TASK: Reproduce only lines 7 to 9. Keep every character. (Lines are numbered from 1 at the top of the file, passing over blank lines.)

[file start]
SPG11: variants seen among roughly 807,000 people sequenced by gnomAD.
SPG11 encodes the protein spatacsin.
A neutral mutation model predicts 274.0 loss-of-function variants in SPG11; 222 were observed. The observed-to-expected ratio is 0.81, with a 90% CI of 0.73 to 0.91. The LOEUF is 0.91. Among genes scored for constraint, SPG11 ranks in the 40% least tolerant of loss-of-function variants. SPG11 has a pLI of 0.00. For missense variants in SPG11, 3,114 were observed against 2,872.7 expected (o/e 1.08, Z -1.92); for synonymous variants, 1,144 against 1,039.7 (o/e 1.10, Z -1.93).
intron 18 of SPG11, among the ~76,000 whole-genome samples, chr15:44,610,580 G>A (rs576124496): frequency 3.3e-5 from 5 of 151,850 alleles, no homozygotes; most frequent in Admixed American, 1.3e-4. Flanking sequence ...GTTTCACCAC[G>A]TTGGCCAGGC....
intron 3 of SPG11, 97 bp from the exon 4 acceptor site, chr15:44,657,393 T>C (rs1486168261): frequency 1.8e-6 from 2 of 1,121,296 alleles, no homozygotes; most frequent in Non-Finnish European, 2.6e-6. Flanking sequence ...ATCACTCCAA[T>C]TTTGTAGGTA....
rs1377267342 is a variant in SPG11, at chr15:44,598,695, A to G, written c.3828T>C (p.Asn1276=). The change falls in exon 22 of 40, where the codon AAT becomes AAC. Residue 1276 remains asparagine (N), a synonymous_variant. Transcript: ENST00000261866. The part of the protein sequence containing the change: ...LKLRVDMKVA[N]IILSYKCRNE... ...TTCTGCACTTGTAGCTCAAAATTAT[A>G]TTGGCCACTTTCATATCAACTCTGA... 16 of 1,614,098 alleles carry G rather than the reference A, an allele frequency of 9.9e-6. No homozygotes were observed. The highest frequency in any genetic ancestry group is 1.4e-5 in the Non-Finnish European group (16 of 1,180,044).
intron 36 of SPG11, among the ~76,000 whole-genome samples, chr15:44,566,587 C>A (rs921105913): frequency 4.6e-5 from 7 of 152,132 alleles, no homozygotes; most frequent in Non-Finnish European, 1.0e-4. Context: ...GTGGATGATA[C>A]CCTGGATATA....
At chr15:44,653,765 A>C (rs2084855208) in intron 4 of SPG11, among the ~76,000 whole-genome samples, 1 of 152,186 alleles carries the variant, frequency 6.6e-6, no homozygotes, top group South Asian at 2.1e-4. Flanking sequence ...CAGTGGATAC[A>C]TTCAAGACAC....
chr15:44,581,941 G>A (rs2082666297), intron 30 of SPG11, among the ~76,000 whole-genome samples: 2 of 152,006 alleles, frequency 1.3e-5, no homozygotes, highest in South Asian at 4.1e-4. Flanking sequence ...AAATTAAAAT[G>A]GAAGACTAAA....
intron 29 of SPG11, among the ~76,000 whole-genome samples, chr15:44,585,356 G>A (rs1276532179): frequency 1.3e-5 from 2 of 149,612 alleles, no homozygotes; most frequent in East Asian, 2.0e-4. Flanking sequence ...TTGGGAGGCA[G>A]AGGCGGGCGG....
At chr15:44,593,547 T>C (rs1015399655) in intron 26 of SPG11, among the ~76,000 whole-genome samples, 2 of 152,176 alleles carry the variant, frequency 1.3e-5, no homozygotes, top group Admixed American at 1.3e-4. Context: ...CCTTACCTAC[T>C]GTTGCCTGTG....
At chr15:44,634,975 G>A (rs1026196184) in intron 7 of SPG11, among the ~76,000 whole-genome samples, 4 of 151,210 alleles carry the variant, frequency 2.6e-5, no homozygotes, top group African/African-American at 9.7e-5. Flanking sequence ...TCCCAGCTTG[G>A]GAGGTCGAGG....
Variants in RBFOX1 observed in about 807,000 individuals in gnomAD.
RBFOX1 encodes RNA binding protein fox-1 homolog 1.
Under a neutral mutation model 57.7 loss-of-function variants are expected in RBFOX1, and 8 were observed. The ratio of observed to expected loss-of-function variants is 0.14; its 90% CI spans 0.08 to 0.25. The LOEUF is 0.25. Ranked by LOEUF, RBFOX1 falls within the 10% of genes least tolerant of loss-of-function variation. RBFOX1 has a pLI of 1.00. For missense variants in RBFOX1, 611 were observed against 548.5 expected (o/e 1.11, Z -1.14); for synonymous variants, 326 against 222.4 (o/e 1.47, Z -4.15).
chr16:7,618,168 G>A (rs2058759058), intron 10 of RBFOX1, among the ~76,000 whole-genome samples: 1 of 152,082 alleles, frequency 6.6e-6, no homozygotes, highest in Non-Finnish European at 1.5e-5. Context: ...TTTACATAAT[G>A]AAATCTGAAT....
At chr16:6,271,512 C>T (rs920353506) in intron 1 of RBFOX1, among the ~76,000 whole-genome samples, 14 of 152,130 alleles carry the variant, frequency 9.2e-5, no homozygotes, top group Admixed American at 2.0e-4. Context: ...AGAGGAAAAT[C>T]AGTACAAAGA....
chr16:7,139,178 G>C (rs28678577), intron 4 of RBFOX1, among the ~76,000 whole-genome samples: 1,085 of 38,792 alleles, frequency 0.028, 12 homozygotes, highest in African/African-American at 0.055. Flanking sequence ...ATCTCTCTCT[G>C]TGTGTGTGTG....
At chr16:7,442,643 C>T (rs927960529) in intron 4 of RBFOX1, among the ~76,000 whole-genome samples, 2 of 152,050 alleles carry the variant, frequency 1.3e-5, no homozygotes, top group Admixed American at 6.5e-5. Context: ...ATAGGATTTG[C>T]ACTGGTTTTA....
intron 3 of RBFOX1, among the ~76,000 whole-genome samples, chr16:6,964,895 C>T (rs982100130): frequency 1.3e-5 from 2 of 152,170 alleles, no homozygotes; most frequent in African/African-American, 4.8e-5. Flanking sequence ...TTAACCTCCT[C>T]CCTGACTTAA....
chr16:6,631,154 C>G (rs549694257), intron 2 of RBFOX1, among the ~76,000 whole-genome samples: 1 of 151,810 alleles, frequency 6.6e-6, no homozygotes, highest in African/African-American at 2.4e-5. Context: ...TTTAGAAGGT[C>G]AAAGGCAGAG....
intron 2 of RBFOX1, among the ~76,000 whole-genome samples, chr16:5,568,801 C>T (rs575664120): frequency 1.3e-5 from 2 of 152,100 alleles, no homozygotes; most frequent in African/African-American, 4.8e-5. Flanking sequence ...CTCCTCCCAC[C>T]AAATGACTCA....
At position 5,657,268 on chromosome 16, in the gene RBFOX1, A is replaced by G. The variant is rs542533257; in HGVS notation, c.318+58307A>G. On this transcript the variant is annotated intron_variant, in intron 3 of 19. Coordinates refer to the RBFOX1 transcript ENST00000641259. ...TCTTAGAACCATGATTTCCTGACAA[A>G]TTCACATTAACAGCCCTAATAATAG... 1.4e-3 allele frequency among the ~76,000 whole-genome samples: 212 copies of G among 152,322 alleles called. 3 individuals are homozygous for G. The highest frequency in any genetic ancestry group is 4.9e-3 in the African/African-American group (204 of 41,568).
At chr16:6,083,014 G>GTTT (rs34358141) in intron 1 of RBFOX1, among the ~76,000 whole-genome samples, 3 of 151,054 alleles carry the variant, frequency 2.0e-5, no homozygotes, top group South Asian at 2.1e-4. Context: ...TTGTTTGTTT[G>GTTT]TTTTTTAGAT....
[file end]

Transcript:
intron 36 of SPG11, among the ~76,000 whole-genome samples, chr15:44,566,587 C>A (rs921105913): frequency 4.6e-5 from 7 of 152,132 alleles, no homozygotes; most frequent in Non-Finnish European, 1.0e-4. Context: ...GTGGATGATA[C>A]CCTGGATATA....
At chr15:44,653,765 A>C (rs2084855208) in intron 4 of SPG11, among the ~76,000 whole-genome samples, 1 of 152,186 alleles carries the variant, frequency 6.6e-6, no homozygotes, top group South Asian at 2.1e-4. Flanking sequence ...CAGTGGATAC[A>C]TTCAAGACAC....
chr15:44,581,941 G>A (rs2082666297), intron 30 of SPG11, among the ~76,000 whole-genome samples: 2 of 152,006 alleles, frequency 1.3e-5, no homozygotes, highest in South Asian at 4.1e-4. Flanking sequence ...AAATTAAAAT[G>A]GAAGACTAAA....